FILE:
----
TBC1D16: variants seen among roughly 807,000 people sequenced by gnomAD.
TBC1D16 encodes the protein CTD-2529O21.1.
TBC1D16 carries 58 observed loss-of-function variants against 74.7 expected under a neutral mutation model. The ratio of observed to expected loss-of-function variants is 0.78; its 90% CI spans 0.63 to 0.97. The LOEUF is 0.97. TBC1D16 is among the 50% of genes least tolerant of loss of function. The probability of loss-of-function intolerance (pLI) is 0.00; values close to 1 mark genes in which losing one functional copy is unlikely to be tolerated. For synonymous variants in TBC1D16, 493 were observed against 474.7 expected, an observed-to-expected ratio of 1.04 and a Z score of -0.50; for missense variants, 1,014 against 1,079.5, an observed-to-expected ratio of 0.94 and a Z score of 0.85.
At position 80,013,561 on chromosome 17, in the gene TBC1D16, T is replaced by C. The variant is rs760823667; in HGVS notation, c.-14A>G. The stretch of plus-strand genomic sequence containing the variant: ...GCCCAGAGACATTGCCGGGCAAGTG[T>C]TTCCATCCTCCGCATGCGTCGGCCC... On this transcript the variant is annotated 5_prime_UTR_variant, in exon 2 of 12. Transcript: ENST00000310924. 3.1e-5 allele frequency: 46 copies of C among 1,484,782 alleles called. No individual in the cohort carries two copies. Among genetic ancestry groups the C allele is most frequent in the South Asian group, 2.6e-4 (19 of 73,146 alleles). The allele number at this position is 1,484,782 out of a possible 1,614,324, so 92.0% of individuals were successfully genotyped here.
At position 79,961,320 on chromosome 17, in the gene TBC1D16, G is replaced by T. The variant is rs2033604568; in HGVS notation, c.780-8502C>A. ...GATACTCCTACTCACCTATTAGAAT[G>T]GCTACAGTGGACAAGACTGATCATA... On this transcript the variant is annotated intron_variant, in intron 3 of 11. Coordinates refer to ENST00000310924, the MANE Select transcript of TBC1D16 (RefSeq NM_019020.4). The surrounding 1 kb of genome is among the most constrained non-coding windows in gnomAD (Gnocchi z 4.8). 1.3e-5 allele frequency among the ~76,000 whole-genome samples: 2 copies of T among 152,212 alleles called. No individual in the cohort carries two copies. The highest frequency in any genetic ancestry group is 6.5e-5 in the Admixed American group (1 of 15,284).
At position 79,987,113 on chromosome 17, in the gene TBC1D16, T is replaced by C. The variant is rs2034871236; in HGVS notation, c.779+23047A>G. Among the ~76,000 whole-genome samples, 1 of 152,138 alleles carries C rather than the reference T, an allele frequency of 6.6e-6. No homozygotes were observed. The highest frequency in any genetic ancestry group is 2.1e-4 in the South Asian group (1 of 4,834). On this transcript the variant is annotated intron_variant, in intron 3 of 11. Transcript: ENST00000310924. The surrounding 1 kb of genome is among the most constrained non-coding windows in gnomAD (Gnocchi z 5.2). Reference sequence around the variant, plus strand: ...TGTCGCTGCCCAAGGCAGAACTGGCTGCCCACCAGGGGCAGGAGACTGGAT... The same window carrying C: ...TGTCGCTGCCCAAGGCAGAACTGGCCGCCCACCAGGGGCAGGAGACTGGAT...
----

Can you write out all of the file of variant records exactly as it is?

TBC1D16: variants seen among roughly 807,000 people sequenced by gnomAD.
TBC1D16 encodes the protein CTD-2529O21.1.
TBC1D16 carries 58 observed loss-of-function variants against 74.7 expected under a neutral mutation model. The ratio of observed to expected loss-of-function variants is 0.78; its 90% CI spans 0.63 to 0.97. The LOEUF is 0.97. TBC1D16 is among the 50% of genes least tolerant of loss of function. The probability of loss-of-function intolerance (pLI) is 0.00; values close to 1 mark genes in which losing one functional copy is unlikely to be tolerated. For synonymous variants in TBC1D16, 493 were observed against 474.7 expected, an observed-to-expected ratio of 1.04 and a Z score of -0.50; for missense variants, 1,014 against 1,079.5, an observed-to-expected ratio of 0.94 and a Z score of 0.85.
At position 80,013,561 on chromosome 17, in the gene TBC1D16, T is replaced by C. The variant is rs760823667; in HGVS notation, c.-14A>G. The stretch of plus-strand genomic sequence containing the variant: ...GCCCAGAGACATTGCCGGGCAAGTG[T>C]TTCCATCCTCCGCATGCGTCGGCCC... On this transcript the variant is annotated 5_prime_UTR_variant, in exon 2 of 12. Transcript: ENST00000310924. 3.1e-5 allele frequency: 46 copies of C among 1,484,782 alleles called. No individual in the cohort carries two copies. Among genetic ancestry groups the C allele is most frequent in the South Asian group, 2.6e-4 (19 of 73,146 alleles). The allele number at this position is 1,484,782 out of a possible 1,614,324, so 92.0% of individuals were successfully genotyped here.
At position 79,961,320 on chromosome 17, in the gene TBC1D16, G is replaced by T. The variant is rs2033604568; in HGVS notation, c.780-8502C>A. ...GATACTCCTACTCACCTATTAGAAT[G>T]GCTACAGTGGACAAGACTGATCATA... On this transcript the variant is annotated intron_variant, in intron 3 of 11. Coordinates refer to ENST00000310924, the MANE Select transcript of TBC1D16 (RefSeq NM_019020.4). The surrounding 1 kb of genome is among the most constrained non-coding windows in gnomAD (Gnocchi z 4.8). 1.3e-5 allele frequency among the ~76,000 whole-genome samples: 2 copies of T among 152,212 alleles called. No individual in the cohort carries two copies. The highest frequency in any genetic ancestry group is 6.5e-5 in the Admixed American group (1 of 15,284).
At position 79,987,113 on chromosome 17, in the gene TBC1D16, T is replaced by C. The variant is rs2034871236; in HGVS notation, c.779+23047A>G. Among the ~76,000 whole-genome samples, 1 of 152,138 alleles carries C rather than the reference T, an allele frequency of 6.6e-6. No homozygotes were observed. The highest frequency in any genetic ancestry group is 2.1e-4 in the South Asian group (1 of 4,834). On this transcript the variant is annotated intron_variant, in intron 3 of 11. Transcript: ENST00000310924. The surrounding 1 kb of genome is among the most constrained non-coding windows in gnomAD (Gnocchi z 5.2). Reference sequence around the variant, plus strand: ...TGTCGCTGCCCAAGGCAGAACTGGCTGCCCACCAGGGGCAGGAGACTGGAT... The same window carrying C: ...TGTCGCTGCCCAAGGCAGAACTGGCCGCCCACCAGGGGCAGGAGACTGGAT...